David Broder of The Washington Post can't force himself to admit that conservatives have been planning and hoping for this outcome for a long time:
Back-to-back briefings last week put a harsh spotlight on the deep hole left by the budget policies of George Bush's first term. Millions of Americans will be paying the price for the fiscal profligacy of this misnamed conservative government.
The bad news, delivered in the first report, is that the camouflaged domestic spending cuts contained in the Bush budget will -- if accepted by Congress -- do serious damage to education initiatives, low-income assistance and environmental programs over the next five years.
The worse news, documented in the second report, is that these cuts will not even begin to deal with the looming calamity of runaway entitlement spending on the retirement and health care costs of the baby boom generation.
You won't find either of these warnings spelled out in the budget message of the president. An analysis by the liberal Center on Budget and Policy Priorities noted that for the first time since at least 1989 the White House Office of Management and Budget failed to give Congress or the news media information on the proposed spending on most domestic programs beyond the coming year.
You mean, Mr. Broder, that the Bush administration has deliberately refused to spell out the full details of its fiscal and political agenda? That's never happened before, now has it?
Broder who, I should add, isn't a liberal continues:
These "domestic discretionary" programs -- covering all the routine functions of government except for defense, homeland security and international affairs, and the entitlement programs such as Social Security, Medicaid and Medicare -- span the gamut from national parks to medical research.
They are financed by annual appropriations from Congress. Bush gave detailed directions on how he wants $18 billion saved on these programs next year, but he then urged Congress to impose spending caps for the next five years that would reduce spending in these areas by $214 billion total -- without specifying the cuts. Savings in all cases are measured against fiscal 2005 spending on these programs, adjusted only for inflation.
By studying the spending caps Bush proposed for the 57 broad functions included in the domestic discretionary budget, the center's experts calculated how much would have to come out of individual programs -- assuming Congress accepts Bush's priorities.
The results are startling. Elementary and secondary education programs, including the president's No Child Left Behind initiative, would be cut by $11.5 billion over the next five years, with a 12 percent reduction from inflation-adjusted 2005 levels in fiscal 2010 alone.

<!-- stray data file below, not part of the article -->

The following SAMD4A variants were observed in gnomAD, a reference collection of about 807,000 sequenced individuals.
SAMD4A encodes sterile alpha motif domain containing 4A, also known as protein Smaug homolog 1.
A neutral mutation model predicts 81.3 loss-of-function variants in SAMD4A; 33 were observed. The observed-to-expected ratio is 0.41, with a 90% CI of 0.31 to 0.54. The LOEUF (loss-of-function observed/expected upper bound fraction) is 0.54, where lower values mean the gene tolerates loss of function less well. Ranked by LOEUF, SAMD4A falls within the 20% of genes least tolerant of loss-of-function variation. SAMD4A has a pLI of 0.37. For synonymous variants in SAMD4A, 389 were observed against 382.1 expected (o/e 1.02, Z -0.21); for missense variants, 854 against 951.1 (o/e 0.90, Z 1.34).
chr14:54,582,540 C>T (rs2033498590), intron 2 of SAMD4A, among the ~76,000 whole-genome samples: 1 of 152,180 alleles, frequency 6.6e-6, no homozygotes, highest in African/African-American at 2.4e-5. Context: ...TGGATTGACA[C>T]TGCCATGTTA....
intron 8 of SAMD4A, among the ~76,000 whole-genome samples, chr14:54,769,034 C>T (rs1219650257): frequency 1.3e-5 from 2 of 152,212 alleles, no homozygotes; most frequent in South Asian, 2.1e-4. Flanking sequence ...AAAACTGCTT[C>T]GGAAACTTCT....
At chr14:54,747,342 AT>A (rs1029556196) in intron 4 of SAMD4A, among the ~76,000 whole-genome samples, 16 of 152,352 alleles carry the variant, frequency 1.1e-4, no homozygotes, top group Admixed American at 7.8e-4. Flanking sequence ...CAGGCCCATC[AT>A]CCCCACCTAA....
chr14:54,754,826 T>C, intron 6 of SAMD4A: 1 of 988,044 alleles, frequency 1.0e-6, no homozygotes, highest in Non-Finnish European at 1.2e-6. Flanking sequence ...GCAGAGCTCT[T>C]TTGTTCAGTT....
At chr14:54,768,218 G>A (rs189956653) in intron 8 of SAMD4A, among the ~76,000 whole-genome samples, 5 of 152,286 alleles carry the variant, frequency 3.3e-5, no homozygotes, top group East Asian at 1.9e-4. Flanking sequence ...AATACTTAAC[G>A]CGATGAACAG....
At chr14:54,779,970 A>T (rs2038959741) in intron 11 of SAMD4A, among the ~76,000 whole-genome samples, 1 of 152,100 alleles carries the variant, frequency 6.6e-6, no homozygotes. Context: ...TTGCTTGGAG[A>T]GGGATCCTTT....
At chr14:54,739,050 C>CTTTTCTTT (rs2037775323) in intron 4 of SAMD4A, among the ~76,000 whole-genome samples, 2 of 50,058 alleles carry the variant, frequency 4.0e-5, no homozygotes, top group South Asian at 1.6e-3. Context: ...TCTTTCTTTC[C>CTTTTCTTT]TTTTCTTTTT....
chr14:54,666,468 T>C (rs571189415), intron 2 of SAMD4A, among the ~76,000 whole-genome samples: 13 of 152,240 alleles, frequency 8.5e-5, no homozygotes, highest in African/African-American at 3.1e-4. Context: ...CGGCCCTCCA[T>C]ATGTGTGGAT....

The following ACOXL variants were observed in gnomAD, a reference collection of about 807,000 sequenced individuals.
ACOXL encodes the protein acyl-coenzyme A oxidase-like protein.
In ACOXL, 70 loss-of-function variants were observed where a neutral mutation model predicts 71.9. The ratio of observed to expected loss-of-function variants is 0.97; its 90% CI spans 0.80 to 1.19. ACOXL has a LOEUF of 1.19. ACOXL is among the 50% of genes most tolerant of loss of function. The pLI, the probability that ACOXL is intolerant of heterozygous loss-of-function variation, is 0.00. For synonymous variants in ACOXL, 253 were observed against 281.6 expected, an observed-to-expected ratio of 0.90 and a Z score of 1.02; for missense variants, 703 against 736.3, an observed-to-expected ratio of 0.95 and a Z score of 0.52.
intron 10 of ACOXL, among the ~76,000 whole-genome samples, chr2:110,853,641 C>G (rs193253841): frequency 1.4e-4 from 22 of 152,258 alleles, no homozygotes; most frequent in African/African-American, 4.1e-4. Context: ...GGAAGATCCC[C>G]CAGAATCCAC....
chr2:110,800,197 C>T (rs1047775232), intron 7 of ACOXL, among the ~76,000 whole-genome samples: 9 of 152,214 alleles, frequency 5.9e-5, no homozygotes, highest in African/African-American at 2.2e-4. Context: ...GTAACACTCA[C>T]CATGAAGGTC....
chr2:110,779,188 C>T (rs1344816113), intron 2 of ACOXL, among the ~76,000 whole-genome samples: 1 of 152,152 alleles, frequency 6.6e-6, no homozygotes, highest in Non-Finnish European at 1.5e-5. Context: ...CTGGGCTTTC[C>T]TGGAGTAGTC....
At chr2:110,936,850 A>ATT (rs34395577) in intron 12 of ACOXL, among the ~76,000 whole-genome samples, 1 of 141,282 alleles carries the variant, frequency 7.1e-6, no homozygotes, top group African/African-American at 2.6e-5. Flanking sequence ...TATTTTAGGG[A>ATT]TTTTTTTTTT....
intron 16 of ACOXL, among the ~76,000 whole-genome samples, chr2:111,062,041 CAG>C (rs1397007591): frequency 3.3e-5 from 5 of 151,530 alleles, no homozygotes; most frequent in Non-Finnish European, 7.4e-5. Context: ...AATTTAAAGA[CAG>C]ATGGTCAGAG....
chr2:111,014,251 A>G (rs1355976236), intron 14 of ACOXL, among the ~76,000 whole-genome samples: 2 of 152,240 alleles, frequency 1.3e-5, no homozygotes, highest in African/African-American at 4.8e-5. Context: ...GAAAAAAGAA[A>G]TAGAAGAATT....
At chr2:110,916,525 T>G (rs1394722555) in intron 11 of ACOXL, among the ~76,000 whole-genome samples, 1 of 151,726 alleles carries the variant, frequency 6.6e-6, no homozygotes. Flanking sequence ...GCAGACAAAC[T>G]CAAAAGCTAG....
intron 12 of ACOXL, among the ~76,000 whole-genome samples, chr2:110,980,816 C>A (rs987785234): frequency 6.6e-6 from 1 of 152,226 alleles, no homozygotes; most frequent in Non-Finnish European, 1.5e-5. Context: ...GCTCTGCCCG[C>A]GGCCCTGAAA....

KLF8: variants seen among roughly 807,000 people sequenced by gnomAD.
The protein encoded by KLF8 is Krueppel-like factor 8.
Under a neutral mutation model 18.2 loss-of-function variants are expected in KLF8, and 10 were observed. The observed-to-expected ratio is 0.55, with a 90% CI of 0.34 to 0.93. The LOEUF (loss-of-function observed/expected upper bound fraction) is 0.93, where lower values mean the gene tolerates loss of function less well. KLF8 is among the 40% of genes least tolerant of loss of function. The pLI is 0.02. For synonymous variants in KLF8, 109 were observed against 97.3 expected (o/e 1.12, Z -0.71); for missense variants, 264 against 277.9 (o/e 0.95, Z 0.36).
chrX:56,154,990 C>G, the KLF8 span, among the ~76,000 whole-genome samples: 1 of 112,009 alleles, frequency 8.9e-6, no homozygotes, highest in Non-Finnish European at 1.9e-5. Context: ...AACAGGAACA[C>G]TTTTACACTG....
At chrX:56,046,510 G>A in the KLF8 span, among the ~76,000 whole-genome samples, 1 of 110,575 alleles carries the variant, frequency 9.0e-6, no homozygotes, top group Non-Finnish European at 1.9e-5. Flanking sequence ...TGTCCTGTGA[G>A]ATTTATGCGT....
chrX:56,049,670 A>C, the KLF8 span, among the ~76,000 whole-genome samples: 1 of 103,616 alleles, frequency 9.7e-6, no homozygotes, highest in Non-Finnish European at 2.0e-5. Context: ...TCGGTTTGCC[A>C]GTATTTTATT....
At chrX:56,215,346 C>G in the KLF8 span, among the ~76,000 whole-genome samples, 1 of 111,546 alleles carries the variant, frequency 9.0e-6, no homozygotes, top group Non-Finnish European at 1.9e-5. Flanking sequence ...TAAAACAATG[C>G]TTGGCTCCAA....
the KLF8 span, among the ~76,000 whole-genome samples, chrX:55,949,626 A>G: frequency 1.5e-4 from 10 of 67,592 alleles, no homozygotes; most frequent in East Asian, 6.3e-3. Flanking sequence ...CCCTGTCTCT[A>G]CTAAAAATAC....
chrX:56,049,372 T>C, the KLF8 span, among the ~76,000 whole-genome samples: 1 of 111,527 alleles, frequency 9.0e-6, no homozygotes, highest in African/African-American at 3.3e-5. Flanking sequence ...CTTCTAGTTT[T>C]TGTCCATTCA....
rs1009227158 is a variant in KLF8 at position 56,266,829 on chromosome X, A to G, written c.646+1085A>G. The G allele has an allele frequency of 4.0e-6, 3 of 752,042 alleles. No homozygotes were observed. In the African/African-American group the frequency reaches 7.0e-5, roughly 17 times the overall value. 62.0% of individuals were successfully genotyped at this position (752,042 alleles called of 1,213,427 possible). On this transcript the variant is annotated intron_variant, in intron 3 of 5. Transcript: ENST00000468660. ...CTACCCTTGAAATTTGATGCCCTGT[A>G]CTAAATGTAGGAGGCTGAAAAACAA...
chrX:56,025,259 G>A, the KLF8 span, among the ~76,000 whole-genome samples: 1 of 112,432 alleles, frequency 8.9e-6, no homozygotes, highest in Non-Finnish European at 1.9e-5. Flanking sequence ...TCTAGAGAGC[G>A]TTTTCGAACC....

The WIC program, which subsidizes the diets of low-income pregnant women and nursing mothers -- a major preventative against low-weight babies -- would be cut by $658 million, enough to reduce coverage in 2010 by 660,000 women. Head Start funds would be reduced $3.3 billion over five years, with 118,000 fewer youngsters enrolled in 2010.
Clean water and clean air funding would decline by $6.4 billion over five years, a 20 percent cut in 2010. Community development programs used by cities to build up impoverished neighborhoods would lose $9.2 billion in five years, a 36 percent cut in 2010.
Most of these cuts would come out of state and local budgets, adding to the burdens their taxpayers would have to take up if services are to be maintained.
As Bob Greenstein, the center's director, commented, cuts of this magnitude would be bitterly contested if Congress had to justify them to the people who care about each of these programs. But by asking instead for a vote this year on enforceable five-year caps on these broad categories of spending, the administration hopes to accomplish its goals without arousing the same degree of controversy.
Once again, conservatives are doing an end-run around democracy by not bringing everything out into the open for debate and scrutiny. No one should be surprised by their strategy by now.
Now Broder hits us with the big news:
The irony is that even if all this were done, the biggest budget problem would still remain. Medicare and Social Security benefits for the huge wave of boomers, who start to turn 62 in just three years, make the current budget policies "unsustainable" for the long term. That was the word used repeatedly at a briefing by David Walker, the head of the nonpartisan Government Accountability Office, Congress's watchdog agency, and others.
Reform of these major entitlement programs is the pressing need to avoid a budget train wreck in the next generation, but Bush has offered little leadership on that. His Social Security plan -- for individual savings accounts -- does nothing to address the shortfall in that system. And his "contribution" to solving the more pressing crisis in Medicare has been to add an unaffordable prescription drug benefit to the program.
It is a sorry record for a conservative administration, and we are just beginning to recognize its price.
But, of course, this is old news. Mr. Broder, these problems are supposed to remain problems, as far as the Bush administration is concerned, because they will force even deeper budget cuts in the future. And, Mr. Broder, if you're only "just beginning" to realize the price of the Bush administration's policies, then you haven't been paying attention.
Profligate in the short-term, Mr. Broder, but conservative in the long-term.
More: Broder doesn't say which CBPP briefings he has in mind, but if you go to this page, you can see all of the organization's recent publications and news releases. Certainly, though, Broder drew on this report while writing his column.